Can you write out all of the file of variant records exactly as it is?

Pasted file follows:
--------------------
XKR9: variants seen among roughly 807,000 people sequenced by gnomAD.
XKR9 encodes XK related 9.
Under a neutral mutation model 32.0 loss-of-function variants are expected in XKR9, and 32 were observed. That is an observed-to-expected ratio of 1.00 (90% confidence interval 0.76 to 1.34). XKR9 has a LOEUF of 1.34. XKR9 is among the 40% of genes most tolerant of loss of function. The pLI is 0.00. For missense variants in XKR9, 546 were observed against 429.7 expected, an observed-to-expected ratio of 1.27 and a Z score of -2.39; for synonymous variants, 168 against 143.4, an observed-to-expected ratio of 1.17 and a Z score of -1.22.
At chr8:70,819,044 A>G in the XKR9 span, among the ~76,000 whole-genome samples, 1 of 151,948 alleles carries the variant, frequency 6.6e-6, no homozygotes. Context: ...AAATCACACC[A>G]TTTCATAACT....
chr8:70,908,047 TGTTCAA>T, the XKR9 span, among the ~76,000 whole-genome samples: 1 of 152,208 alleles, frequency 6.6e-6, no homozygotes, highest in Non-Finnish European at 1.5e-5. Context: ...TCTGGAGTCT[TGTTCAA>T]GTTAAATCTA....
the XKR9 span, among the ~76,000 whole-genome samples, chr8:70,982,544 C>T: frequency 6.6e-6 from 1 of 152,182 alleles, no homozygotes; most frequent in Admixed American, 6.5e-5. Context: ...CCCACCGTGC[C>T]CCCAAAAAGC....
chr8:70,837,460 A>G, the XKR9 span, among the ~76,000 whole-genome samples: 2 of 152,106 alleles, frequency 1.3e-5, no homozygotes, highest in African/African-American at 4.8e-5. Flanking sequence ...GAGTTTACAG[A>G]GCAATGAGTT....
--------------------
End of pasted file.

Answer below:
XKR9: variants seen among roughly 807,000 people sequenced by gnomAD.
XKR9 encodes XK related 9.
Under a neutral mutation model 32.0 loss-of-function variants are expected in XKR9, and 32 were observed. That is an observed-to-expected ratio of 1.00 (90% confidence interval 0.76 to 1.34). XKR9 has a LOEUF of 1.34. XKR9 is among the 40% of genes most tolerant of loss of function. The pLI is 0.00. For missense variants in XKR9, 546 were observed against 429.7 expected, an observed-to-expected ratio of 1.27 and a Z score of -2.39; for synonymous variants, 168 against 143.4, an observed-to-expected ratio of 1.17 and a Z score of -1.22.
At chr8:70,819,044 A>G in the XKR9 span, among the ~76,000 whole-genome samples, 1 of 151,948 alleles carries the variant, frequency 6.6e-6, no homozygotes. Context: ...AAATCACACC[A>G]TTTCATAACT....
chr8:70,908,047 TGTTCAA>T, the XKR9 span, among the ~76,000 whole-genome samples: 1 of 152,208 alleles, frequency 6.6e-6, no homozygotes, highest in Non-Finnish European at 1.5e-5. Context: ...TCTGGAGTCT[TGTTCAA>T]GTTAAATCTA....
the XKR9 span, among the ~76,000 whole-genome samples, chr8:70,982,544 C>T: frequency 6.6e-6 from 1 of 152,182 alleles, no homozygotes; most frequent in Admixed American, 6.5e-5. Context: ...CCCACCGTGC[C>T]CCCAAAAAGC....
chr8:70,837,460 A>G, the XKR9 span, among the ~76,000 whole-genome samples: 2 of 152,106 alleles, frequency 1.3e-5, no homozygotes, highest in African/African-American at 4.8e-5. Flanking sequence ...GAGTTTACAG[A>G]GCAATGAGTT....